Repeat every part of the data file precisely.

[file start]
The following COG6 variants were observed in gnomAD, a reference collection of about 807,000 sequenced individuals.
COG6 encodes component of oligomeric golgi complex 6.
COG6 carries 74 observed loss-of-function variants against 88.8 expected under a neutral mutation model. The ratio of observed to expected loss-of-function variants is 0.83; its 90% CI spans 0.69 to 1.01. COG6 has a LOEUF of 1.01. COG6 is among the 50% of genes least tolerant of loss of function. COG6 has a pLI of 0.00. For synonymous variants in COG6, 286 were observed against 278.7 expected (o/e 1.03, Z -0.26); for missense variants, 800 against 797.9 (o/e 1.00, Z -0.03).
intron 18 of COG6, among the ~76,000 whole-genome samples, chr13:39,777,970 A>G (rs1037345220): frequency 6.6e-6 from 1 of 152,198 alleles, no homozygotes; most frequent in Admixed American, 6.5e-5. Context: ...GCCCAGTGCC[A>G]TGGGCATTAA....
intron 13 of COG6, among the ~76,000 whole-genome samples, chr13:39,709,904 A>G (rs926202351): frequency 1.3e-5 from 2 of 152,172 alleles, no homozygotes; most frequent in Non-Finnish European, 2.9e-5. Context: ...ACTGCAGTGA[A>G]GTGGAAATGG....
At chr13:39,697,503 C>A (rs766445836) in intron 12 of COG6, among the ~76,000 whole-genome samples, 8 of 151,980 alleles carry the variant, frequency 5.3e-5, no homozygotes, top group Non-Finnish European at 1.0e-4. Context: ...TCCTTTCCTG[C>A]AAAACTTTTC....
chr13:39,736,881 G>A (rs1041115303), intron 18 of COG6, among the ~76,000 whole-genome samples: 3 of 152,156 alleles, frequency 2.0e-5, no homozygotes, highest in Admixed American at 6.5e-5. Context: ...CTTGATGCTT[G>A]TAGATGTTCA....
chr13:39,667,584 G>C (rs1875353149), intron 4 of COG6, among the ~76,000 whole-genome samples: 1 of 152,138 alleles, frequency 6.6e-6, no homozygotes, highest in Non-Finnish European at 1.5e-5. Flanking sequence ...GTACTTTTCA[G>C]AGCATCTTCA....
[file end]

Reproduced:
The following COG6 variants were observed in gnomAD, a reference collection of about 807,000 sequenced individuals.
COG6 encodes component of oligomeric golgi complex 6.
COG6 carries 74 observed loss-of-function variants against 88.8 expected under a neutral mutation model. The ratio of observed to expected loss-of-function variants is 0.83; its 90% CI spans 0.69 to 1.01. COG6 has a LOEUF of 1.01. COG6 is among the 50% of genes least tolerant of loss of function. COG6 has a pLI of 0.00. For synonymous variants in COG6, 286 were observed against 278.7 expected (o/e 1.03, Z -0.26); for missense variants, 800 against 797.9 (o/e 1.00, Z -0.03).
intron 18 of COG6, among the ~76,000 whole-genome samples, chr13:39,777,970 A>G (rs1037345220): frequency 6.6e-6 from 1 of 152,198 alleles, no homozygotes; most frequent in Admixed American, 6.5e-5. Context: ...GCCCAGTGCC[A>G]TGGGCATTAA....
intron 13 of COG6, among the ~76,000 whole-genome samples, chr13:39,709,904 A>G (rs926202351): frequency 1.3e-5 from 2 of 152,172 alleles, no homozygotes; most frequent in Non-Finnish European, 2.9e-5. Context: ...ACTGCAGTGA[A>G]GTGGAAATGG....
At chr13:39,697,503 C>A (rs766445836) in intron 12 of COG6, among the ~76,000 whole-genome samples, 8 of 151,980 alleles carry the variant, frequency 5.3e-5, no homozygotes, top group Non-Finnish European at 1.0e-4. Context: ...TCCTTTCCTG[C>A]AAAACTTTTC....
chr13:39,736,881 G>A (rs1041115303), intron 18 of COG6, among the ~76,000 whole-genome samples: 3 of 152,156 alleles, frequency 2.0e-5, no homozygotes, highest in Admixed American at 6.5e-5. Context: ...CTTGATGCTT[G>A]TAGATGTTCA....
chr13:39,667,584 G>C (rs1875353149), intron 4 of COG6, among the ~76,000 whole-genome samples: 1 of 152,138 alleles, frequency 6.6e-6, no homozygotes, highest in Non-Finnish European at 1.5e-5. Flanking sequence ...GTACTTTTCA[G>C]AGCATCTTCA....